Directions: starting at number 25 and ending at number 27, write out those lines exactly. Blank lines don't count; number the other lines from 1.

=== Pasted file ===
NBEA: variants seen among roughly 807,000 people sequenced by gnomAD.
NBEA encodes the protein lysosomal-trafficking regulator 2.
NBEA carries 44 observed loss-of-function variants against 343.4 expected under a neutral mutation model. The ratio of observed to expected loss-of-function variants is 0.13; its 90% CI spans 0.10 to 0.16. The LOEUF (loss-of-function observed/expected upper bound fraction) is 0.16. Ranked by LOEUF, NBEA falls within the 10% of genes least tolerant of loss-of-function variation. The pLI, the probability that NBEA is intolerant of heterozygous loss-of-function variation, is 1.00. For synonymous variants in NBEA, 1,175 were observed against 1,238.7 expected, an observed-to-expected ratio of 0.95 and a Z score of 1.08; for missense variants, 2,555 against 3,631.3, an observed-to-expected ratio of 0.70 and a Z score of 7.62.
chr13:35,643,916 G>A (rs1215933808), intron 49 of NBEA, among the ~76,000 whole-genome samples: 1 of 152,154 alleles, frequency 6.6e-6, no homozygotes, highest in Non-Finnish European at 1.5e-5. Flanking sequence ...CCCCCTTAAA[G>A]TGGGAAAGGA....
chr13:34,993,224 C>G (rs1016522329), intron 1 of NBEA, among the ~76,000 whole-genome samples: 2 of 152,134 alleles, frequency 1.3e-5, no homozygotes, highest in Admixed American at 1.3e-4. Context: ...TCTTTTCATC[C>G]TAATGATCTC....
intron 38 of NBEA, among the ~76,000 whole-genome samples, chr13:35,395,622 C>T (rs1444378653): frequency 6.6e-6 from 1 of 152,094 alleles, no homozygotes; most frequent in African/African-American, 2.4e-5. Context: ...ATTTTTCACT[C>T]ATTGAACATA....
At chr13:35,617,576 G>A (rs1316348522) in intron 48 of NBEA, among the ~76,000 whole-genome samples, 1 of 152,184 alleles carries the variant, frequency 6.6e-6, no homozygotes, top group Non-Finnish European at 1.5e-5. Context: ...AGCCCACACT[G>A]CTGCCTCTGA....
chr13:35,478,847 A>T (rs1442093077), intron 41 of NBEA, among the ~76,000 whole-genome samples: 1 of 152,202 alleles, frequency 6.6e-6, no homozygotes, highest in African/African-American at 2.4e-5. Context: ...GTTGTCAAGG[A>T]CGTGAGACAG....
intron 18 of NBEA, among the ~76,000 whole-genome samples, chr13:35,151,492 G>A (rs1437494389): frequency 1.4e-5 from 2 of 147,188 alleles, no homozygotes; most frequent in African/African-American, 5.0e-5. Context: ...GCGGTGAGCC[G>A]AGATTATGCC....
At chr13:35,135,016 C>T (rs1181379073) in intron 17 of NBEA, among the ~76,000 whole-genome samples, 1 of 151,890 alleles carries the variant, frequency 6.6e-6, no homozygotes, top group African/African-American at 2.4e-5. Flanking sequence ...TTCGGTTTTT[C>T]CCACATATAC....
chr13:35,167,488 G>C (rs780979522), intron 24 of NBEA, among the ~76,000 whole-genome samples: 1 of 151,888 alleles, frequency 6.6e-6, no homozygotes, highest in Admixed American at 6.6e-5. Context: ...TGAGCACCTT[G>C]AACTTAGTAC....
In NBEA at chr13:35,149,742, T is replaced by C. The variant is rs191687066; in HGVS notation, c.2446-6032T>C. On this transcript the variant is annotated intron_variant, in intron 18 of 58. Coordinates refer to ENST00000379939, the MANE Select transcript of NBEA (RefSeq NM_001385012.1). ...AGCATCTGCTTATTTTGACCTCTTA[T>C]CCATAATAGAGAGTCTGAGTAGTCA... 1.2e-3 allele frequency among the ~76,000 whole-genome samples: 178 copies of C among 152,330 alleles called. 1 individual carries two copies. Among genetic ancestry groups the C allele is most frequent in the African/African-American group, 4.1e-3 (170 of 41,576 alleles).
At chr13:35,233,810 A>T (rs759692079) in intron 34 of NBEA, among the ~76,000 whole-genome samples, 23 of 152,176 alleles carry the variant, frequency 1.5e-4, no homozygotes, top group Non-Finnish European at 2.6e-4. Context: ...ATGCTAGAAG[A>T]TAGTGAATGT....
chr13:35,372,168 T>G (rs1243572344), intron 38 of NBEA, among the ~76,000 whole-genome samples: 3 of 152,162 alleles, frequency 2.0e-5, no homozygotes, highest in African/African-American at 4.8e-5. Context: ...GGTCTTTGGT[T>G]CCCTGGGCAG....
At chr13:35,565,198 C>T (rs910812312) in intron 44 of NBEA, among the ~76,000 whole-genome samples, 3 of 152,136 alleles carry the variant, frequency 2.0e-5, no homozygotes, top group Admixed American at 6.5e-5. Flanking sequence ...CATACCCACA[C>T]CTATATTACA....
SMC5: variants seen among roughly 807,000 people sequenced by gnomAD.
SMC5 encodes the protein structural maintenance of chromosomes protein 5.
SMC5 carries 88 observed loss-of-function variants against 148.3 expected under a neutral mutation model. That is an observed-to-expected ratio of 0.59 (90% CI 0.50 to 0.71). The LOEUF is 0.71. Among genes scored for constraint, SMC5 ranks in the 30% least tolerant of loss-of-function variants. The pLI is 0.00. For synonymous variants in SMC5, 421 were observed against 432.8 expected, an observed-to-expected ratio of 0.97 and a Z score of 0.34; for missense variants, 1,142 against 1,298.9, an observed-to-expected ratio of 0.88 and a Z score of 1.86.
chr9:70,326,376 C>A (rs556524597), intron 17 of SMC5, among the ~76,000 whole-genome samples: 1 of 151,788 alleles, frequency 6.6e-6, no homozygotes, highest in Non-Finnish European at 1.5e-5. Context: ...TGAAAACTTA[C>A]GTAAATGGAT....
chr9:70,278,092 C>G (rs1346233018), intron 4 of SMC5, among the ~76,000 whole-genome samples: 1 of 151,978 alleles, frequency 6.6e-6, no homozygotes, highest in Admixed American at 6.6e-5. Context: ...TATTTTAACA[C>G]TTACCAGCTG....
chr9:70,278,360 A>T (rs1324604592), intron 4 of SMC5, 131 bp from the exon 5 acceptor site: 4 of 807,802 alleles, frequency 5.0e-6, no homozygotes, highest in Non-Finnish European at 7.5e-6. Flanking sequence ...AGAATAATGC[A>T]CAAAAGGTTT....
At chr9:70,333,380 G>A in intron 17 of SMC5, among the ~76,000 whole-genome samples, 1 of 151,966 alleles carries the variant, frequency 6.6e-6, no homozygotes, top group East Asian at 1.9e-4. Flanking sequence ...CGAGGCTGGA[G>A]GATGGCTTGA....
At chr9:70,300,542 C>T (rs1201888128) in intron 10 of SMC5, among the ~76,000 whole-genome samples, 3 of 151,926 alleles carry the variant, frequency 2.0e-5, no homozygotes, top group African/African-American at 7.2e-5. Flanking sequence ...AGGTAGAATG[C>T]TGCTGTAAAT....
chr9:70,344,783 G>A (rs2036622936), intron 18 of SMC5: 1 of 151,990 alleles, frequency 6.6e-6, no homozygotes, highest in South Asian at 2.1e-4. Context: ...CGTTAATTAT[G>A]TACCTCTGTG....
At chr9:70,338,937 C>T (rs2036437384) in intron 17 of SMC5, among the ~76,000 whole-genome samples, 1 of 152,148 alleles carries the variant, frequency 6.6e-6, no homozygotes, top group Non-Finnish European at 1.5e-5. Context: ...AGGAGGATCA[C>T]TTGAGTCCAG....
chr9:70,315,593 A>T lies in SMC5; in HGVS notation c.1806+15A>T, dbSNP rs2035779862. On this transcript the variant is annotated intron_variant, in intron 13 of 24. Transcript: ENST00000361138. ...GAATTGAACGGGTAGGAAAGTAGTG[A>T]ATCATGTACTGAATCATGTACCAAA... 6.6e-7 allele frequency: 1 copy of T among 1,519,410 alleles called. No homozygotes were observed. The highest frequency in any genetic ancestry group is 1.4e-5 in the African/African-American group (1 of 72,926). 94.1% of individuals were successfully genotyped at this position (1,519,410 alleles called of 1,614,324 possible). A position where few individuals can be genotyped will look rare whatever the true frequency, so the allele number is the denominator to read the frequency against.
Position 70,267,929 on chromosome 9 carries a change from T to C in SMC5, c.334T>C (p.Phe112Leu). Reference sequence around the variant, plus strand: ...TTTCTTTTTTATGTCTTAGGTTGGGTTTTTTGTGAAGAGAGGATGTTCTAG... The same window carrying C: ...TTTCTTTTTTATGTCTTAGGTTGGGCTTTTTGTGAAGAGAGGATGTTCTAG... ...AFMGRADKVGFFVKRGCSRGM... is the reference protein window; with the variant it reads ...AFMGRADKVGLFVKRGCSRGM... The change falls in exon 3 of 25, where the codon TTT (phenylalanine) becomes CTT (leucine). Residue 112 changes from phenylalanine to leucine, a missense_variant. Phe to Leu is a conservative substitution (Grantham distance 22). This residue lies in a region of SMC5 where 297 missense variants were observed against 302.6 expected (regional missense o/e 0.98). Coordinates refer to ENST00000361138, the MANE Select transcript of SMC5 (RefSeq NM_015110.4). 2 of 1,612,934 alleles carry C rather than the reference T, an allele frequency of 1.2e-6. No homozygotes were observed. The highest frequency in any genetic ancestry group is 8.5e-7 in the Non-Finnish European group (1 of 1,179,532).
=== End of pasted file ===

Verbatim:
At chr9:70,338,937 C>T (rs2036437384) in intron 17 of SMC5, among the ~76,000 whole-genome samples, 1 of 152,148 alleles carries the variant, frequency 6.6e-6, no homozygotes, top group Non-Finnish European at 1.5e-5. Context: ...AGGAGGATCA[C>T]TTGAGTCCAG....
chr9:70,315,593 A>T lies in SMC5; in HGVS notation c.1806+15A>T, dbSNP rs2035779862. On this transcript the variant is annotated intron_variant, in intron 13 of 24. Transcript: ENST00000361138. ...GAATTGAACGGGTAGGAAAGTAGTG[A>T]ATCATGTACTGAATCATGTACCAAA... 6.6e-7 allele frequency: 1 copy of T among 1,519,410 alleles called. No homozygotes were observed. The highest frequency in any genetic ancestry group is 1.4e-5 in the African/African-American group (1 of 72,926). 94.1% of individuals were successfully genotyped at this position (1,519,410 alleles called of 1,614,324 possible). A position where few individuals can be genotyped will look rare whatever the true frequency, so the allele number is the denominator to read the frequency against.
Position 70,267,929 on chromosome 9 carries a change from T to C in SMC5, c.334T>C (p.Phe112Leu). Reference sequence around the variant, plus strand: ...TTTCTTTTTTATGTCTTAGGTTGGGTTTTTTGTGAAGAGAGGATGTTCTAG... The same window carrying C: ...TTTCTTTTTTATGTCTTAGGTTGGGCTTTTTGTGAAGAGAGGATGTTCTAG... ...AFMGRADKVGFFVKRGCSRGM... is the reference protein window; with the variant it reads ...AFMGRADKVGLFVKRGCSRGM... The change falls in exon 3 of 25, where the codon TTT (phenylalanine) becomes CTT (leucine). Residue 112 changes from phenylalanine to leucine, a missense_variant. Phe to Leu is a conservative substitution (Grantham distance 22). This residue lies in a region of SMC5 where 297 missense variants were observed against 302.6 expected (regional missense o/e 0.98). Coordinates refer to ENST00000361138, the MANE Select transcript of SMC5 (RefSeq NM_015110.4). 2 of 1,612,934 alleles carry C rather than the reference T, an allele frequency of 1.2e-6. No homozygotes were observed. The highest frequency in any genetic ancestry group is 8.5e-7 in the Non-Finnish European group (1 of 1,179,532).